Opinion | A Poet’s View of the Year: Longing for Our Own Lives

This is an article from Turning Points, a special section that explores what critical moments from this year might mean for the year ahead.

“The Life Unlived” is a poem, or a dramatic sketch, that revolves around a new era. It focuses on what is happening inside those who populate the text and inside us readers as we watch the ballet the poem describes. Perhaps we’re longing to do something real. Perhaps we’re longing for our own lives.

In the poem, Isaac and Ishmael meet again. I imagine that these brothers have spent a long time missing each other. I’ve been thinking about them for years. They speak of doves and death, the mighty condor, all while watching the ballet.

I want to believe that this text is an embodied response to the question of what’s possible, even in a year like 2020.


The Life Unlived

An open-air stage, dawn,

All movements keep the beat, a fixed choreography, the dancers are dancing ballet

A man holds a clock, in the end all we hear is the clock’s ticking (A transition from the dancer’s choreographed movements to the clock’s simple ticking)

I have asked for a new age to begin

Here among us

Lightning strikes (Shows itself)

You may choose one piece of knowledge to take with you

Just one

You may choose as you see fit, the freedom is yours, but if limitations are what you want

they’re available (Wind the clock)

What will die becomes a beginning, leave everything

My memories?

Yes, them too. Remembering won’t be possible. You die. We all die

Just like that?

Yes, in a way, in a way not

You won’t be able to choose when

But it will happen

What do you know of the new age?

You do have experience. What you see in front of you.

It’s no use being afraid.

Good, good, that’s right

Greet the new with confidence, be fair

Who are you, the one who will explain it all to us?

Never, no such thoughts, change the melody and listen to what is barely audible

And yet it grows

The dead: It grows, it grows, it grows

Rise up when I speak to you

Are you a man of violence?

I have ideas, thoughts.

Which, if I may ask?

How do you rule without violence?

Everything rests on you believing me, my every word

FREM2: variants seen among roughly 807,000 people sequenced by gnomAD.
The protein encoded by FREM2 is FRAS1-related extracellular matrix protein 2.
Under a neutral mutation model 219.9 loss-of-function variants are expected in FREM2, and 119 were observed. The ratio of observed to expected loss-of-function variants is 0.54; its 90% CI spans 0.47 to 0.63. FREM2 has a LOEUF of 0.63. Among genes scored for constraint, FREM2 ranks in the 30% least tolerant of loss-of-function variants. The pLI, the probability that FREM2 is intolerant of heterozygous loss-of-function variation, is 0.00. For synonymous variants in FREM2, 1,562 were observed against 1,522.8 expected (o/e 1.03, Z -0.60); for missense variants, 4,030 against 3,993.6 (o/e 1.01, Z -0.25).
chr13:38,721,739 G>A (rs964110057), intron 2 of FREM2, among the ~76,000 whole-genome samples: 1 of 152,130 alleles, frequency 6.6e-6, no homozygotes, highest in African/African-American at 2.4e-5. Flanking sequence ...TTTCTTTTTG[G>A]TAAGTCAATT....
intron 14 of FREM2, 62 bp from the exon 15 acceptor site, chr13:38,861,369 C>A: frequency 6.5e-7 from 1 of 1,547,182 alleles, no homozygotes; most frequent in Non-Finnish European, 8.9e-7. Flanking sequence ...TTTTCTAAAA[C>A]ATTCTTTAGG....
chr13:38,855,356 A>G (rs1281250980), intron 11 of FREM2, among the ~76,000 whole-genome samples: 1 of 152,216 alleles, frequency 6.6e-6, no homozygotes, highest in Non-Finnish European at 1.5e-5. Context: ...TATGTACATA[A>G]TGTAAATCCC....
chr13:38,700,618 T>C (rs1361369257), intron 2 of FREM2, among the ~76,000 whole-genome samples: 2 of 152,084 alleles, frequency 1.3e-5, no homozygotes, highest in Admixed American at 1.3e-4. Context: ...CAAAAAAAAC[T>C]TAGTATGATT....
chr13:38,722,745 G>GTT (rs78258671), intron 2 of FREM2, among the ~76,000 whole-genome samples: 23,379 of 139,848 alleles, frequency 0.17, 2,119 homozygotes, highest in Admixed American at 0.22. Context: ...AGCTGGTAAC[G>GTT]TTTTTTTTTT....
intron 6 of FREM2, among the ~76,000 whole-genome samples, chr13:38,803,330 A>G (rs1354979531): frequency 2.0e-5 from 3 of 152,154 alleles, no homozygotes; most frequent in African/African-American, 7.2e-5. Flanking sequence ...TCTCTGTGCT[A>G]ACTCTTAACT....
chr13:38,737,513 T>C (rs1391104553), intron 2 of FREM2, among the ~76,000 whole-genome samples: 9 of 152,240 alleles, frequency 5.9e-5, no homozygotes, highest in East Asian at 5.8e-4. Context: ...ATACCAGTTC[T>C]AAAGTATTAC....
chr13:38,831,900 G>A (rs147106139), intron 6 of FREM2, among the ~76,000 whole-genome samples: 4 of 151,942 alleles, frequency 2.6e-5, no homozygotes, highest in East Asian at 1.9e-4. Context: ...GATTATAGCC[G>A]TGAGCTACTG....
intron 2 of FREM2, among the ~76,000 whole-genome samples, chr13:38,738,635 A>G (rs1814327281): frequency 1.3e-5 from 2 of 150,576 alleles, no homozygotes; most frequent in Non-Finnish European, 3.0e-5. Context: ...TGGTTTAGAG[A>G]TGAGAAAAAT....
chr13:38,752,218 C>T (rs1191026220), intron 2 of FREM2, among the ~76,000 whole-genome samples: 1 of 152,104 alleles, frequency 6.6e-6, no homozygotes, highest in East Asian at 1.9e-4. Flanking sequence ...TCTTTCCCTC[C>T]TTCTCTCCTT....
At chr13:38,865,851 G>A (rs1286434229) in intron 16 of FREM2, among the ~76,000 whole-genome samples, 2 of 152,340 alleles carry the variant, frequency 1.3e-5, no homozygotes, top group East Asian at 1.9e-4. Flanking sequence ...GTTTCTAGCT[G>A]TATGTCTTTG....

Don’t think for a moment that I’ll reveal to you anything about me

The dead: About me, me, me, me, me, me, me, me

The man who spoke of a new age walks his clock offstage

There, off they go, fools all

They’re not coming back, we’re alone here, we’re free, and yet not

I don’t understand a thing, now say what you mean

Life, it passed, it’s not coming back

Now everyone must heal themselves

Are we already dead?

The murmur of the dead lies behind it, under it, murmur freely

How many, two, or three, fifty, hundred thousand, sevenhundredthousandthirty?

Go ahead, just lie down, over there.

He points to the dead, their murmur

Your sleep will be dreamless

I love my dreams

So stay right there, there you’ll get to dream

Is it that easy, but a few words, he laughs

Everything begins again. Isaac, Ishmael, the sacrifice and the desert

The dead murmur: Isaac, Ishmael, the sacrifice

Thunder rolls, lightning flashes, in its flash we see the dancers’ ballet

Everyone watches as they dance, each in his own mind, thoughts, if we could hear them


Just look

Isaac and Ishmael embrace, share laughter

Isaac: Look at the ballet. They’re dancing

Ishmael: It delights me to see it, delights me

Isaac: So you’re secure, only the secure can delight in watching dance

Ishmael: Perhaps

They laugh

The man with the clock enters.

The Man: Time is passing. Don’t forget.

Isaac: We meet and already must part

Ishmael: So it is written

Ishmael kisses his brother farewell, must go, at once

Will we miss each other?

Through the millenniums

Farewell. Isaac and Ishmael fall into each other’s arms

Watch the ballet again

The ballet again in broad daylight

Ishmael: What does watching them dance do to you?

Isaac: It makes me ache

Isaac: Truly, I ache, I ache

Ishmael: That’s the longing for the life unlived

An eternity later

Well met



Hear this, spare no detail, they whisper to each other, the landscape of their thoughts is projected behind them.

A bird flies through the landscape, falls down before Isaac and Ishmael.

It is death, the condor, death’s proud emissary.

It’s just a bird.

A bird you say, had it been a dove we’d already be celebrating, but the condor, with wings

to carry it from hell and back

So quick to cleave thoughts, Ishmael my brother

What are you thinking of?

The meadows I rode through as a child. Thoughts, hope perhaps as simple as this

Yes, hope and longing

Those who long live.

Just them?

Yes. Just them.

Linda Bostrom Knausgard is a novelist and poet. Her most recent novel is “Welcome to America.” This text was translated by Saskia Vogel from the Swedish.

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